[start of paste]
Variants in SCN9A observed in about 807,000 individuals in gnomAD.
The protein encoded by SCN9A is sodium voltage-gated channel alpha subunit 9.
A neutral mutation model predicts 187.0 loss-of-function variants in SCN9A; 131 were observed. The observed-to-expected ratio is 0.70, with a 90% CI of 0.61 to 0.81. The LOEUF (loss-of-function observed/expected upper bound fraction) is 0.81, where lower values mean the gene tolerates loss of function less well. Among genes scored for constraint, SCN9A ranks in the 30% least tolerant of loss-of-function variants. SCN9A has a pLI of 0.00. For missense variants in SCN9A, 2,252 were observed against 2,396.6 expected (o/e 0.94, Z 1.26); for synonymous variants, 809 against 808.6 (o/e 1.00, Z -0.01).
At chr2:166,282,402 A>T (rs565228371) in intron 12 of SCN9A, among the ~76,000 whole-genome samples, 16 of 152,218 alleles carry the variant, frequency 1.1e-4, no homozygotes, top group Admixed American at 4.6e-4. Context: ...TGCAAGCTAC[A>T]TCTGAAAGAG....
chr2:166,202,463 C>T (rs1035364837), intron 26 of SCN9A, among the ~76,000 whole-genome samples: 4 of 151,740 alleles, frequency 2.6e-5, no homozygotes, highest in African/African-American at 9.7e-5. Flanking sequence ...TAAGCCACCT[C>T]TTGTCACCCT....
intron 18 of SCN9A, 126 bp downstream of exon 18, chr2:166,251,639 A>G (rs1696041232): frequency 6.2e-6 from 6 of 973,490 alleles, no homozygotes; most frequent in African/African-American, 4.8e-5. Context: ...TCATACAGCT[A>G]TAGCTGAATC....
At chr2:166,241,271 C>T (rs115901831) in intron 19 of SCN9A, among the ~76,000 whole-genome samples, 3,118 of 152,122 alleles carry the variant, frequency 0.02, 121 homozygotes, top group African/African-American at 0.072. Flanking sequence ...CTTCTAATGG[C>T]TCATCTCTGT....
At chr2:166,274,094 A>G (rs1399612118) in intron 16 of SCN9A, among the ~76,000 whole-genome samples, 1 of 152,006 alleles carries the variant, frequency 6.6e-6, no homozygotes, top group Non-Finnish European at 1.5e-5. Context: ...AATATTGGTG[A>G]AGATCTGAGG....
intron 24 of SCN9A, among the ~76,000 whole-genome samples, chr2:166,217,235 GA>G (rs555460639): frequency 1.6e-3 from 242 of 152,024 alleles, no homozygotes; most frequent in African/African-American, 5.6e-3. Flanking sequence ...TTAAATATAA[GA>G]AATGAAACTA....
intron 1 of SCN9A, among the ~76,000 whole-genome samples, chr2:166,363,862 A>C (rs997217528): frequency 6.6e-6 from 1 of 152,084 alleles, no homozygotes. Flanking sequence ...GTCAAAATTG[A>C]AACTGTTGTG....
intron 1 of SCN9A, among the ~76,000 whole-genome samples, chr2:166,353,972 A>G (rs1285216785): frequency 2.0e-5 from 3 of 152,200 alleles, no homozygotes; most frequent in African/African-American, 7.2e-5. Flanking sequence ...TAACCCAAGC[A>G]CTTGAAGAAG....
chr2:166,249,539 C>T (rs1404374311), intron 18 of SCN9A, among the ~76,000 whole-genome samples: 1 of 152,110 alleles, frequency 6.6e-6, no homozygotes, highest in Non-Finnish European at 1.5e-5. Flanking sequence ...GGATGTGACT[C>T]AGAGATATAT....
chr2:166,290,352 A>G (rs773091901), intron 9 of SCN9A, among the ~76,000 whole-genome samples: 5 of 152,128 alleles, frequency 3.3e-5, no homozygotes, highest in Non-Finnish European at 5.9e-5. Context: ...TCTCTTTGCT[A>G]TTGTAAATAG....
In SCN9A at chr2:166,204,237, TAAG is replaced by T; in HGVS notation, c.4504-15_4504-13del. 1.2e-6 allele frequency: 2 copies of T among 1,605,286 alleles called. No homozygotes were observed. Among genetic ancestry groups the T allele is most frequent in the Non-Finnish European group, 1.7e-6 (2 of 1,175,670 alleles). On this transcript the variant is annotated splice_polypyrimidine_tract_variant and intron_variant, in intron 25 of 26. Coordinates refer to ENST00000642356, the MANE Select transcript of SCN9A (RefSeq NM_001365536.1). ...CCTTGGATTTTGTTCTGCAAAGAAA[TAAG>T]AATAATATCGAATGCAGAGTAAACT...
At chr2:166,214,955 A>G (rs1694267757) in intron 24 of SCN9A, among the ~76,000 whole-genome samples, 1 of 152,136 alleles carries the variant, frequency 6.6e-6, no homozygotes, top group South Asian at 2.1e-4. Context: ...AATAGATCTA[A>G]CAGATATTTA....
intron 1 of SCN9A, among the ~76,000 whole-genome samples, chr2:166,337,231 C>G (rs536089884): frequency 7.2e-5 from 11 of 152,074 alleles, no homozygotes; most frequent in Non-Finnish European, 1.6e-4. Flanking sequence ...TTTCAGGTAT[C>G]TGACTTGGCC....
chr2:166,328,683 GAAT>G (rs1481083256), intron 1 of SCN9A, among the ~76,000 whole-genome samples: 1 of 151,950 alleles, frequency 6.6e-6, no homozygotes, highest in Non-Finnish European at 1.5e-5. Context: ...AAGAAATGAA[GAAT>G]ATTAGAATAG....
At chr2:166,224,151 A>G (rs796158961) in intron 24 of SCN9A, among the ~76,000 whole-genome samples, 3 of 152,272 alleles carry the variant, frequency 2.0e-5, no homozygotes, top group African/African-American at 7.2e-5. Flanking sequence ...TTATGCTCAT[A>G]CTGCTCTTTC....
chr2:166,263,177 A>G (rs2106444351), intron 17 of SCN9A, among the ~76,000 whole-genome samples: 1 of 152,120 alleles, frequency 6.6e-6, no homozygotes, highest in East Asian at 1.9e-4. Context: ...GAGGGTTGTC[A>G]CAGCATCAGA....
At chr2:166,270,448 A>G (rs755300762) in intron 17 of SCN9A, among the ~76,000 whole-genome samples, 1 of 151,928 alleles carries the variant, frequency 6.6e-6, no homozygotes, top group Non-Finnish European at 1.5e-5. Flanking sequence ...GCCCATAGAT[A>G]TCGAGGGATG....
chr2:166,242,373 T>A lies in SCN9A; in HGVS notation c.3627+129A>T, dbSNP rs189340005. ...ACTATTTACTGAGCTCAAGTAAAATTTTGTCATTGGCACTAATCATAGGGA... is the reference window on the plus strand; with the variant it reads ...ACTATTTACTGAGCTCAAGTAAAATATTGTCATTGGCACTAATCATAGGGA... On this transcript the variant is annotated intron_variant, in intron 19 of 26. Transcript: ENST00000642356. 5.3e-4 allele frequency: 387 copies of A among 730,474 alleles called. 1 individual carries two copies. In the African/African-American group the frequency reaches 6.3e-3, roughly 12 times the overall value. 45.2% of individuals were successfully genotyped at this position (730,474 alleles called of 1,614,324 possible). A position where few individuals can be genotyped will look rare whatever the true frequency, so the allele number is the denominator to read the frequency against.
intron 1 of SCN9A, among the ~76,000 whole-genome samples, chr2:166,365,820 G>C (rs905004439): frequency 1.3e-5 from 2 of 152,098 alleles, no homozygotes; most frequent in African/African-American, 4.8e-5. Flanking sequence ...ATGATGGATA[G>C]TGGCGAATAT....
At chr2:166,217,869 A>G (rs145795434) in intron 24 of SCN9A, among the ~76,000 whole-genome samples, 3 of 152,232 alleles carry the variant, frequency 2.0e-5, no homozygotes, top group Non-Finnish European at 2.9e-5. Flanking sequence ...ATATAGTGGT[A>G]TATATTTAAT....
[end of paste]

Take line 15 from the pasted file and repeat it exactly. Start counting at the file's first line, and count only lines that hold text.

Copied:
At chr2:166,214,955 A>G (rs1694267757) in intron 24 of SCN9A, among the ~76,000 whole-genome samples, 1 of 152,136 alleles carries the variant, frequency 6.6e-6, no homozygotes, top group South Asian at 2.1e-4. Context: ...AATAGATCTA[A>G]CAGATATTTA....